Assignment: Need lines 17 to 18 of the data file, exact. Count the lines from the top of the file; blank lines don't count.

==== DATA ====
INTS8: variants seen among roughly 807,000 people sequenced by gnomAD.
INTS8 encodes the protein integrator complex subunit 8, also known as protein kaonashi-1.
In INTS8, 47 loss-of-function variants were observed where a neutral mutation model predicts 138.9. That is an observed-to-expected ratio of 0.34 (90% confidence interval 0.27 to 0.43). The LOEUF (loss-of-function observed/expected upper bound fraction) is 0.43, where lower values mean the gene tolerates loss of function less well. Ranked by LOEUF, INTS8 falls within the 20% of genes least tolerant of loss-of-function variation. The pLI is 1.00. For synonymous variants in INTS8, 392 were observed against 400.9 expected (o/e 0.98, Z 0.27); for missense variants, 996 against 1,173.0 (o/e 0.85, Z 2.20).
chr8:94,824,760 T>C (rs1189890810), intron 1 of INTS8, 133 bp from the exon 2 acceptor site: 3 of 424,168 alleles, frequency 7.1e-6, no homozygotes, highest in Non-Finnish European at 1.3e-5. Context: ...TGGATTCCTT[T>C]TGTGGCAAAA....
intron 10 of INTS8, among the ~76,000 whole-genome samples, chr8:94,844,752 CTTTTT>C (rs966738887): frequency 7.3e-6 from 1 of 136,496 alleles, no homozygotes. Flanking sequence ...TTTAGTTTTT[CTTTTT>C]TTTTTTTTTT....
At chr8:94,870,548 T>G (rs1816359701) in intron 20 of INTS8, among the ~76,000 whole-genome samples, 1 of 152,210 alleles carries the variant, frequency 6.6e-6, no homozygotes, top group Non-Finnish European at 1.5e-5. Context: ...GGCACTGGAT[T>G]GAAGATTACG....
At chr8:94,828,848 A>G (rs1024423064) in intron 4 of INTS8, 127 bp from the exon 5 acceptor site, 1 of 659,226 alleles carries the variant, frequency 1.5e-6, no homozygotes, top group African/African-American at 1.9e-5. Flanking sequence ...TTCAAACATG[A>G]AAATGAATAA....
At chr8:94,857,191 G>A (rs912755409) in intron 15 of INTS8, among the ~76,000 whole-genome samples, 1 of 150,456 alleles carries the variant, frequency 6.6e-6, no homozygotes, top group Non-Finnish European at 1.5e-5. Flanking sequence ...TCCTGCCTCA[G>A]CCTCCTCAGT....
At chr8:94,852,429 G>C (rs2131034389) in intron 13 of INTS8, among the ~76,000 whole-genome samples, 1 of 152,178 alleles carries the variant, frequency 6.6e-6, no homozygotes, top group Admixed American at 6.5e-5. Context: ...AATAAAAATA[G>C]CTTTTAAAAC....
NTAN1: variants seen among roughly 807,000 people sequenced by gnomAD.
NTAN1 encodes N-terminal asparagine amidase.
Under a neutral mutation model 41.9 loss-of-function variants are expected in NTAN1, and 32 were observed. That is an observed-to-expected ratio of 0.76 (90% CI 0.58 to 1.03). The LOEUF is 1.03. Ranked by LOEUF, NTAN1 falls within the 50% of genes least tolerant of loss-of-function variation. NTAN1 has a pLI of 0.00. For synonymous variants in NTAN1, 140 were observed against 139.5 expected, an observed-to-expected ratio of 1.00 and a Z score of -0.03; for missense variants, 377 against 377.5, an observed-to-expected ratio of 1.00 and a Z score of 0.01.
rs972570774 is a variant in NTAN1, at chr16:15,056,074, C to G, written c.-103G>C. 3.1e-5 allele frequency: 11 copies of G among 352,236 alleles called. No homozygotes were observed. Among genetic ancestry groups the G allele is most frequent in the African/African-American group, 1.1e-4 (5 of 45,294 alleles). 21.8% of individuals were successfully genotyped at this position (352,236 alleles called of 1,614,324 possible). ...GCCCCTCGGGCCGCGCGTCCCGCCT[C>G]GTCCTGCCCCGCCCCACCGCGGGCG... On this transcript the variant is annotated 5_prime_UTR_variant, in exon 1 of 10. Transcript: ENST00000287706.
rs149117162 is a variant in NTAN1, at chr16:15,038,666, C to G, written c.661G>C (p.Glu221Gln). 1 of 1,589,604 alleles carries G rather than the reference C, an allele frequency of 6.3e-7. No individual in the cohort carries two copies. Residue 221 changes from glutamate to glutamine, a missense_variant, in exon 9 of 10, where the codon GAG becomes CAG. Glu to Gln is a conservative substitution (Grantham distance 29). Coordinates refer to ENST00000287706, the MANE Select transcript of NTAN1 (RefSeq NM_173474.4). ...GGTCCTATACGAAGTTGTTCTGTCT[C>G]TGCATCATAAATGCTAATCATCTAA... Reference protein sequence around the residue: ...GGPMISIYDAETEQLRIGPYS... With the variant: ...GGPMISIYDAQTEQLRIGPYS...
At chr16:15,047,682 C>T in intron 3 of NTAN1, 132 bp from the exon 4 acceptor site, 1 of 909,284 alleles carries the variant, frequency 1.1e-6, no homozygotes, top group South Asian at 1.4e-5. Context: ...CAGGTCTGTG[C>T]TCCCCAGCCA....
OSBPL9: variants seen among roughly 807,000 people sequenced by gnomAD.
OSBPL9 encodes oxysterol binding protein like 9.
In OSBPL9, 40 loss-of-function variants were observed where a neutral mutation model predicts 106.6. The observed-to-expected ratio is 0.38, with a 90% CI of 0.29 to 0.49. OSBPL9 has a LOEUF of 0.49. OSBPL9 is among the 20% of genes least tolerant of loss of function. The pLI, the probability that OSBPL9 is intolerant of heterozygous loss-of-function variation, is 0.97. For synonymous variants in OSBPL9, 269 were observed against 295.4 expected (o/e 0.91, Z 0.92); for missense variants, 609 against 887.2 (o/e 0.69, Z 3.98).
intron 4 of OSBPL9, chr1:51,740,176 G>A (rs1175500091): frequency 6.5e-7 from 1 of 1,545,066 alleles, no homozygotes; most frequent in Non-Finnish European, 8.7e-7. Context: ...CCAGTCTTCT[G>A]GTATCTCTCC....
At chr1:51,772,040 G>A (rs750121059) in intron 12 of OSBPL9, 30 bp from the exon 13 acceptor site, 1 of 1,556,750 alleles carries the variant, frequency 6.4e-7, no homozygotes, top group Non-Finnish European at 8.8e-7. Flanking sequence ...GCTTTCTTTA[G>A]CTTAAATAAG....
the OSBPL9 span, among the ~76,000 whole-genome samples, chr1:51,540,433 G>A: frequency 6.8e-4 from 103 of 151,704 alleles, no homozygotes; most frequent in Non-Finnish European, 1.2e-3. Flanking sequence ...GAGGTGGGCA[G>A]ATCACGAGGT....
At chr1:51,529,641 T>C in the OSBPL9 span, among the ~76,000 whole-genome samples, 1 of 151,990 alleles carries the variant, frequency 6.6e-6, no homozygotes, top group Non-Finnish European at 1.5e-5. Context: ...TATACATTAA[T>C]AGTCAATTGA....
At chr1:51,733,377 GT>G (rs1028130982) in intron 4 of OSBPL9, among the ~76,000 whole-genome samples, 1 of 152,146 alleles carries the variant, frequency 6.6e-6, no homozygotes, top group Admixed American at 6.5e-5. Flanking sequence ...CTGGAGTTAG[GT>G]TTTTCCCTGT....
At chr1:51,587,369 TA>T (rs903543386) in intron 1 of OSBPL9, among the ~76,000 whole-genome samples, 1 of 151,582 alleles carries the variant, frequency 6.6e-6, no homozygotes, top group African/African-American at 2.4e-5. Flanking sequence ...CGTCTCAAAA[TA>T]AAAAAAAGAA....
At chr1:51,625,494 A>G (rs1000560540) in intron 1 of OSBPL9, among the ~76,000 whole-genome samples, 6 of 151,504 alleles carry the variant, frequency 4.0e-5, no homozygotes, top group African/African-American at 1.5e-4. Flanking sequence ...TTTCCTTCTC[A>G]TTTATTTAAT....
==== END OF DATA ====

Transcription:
OSBPL9 encodes oxysterol binding protein like 9.
In OSBPL9, 40 loss-of-function variants were observed where a neutral mutation model predicts 106.6. The observed-to-expected ratio is 0.38, with a 90% CI of 0.29 to 0.49. OSBPL9 has a LOEUF of 0.49. OSBPL9 is among the 20% of genes least tolerant of loss of function. The pLI, the probability that OSBPL9 is intolerant of heterozygous loss-of-function variation, is 0.97. For synonymous variants in OSBPL9, 269 were observed against 295.4 expected (o/e 0.91, Z 0.92); for missense variants, 609 against 887.2 (o/e 0.69, Z 3.98).